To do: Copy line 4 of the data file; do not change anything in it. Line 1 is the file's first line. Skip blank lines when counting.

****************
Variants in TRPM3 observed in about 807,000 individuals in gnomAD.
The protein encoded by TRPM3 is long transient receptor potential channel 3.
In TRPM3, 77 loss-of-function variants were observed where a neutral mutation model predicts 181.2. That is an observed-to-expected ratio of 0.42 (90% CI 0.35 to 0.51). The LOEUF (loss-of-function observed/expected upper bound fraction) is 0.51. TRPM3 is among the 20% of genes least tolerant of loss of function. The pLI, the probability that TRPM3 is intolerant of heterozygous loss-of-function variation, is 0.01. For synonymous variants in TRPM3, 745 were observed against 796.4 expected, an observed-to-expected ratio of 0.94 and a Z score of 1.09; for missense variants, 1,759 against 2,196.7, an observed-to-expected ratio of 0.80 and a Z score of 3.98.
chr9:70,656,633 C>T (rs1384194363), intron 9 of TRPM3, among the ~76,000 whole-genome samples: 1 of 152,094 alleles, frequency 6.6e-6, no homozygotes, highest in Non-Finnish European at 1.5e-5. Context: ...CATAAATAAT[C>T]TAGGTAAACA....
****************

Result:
chr9:70,656,633 C>T (rs1384194363), intron 9 of TRPM3, among the ~76,000 whole-genome samples: 1 of 152,094 alleles, frequency 6.6e-6, no homozygotes, highest in Non-Finnish European at 1.5e-5. Context: ...CATAAATAAT[C>T]TAGGTAAACA....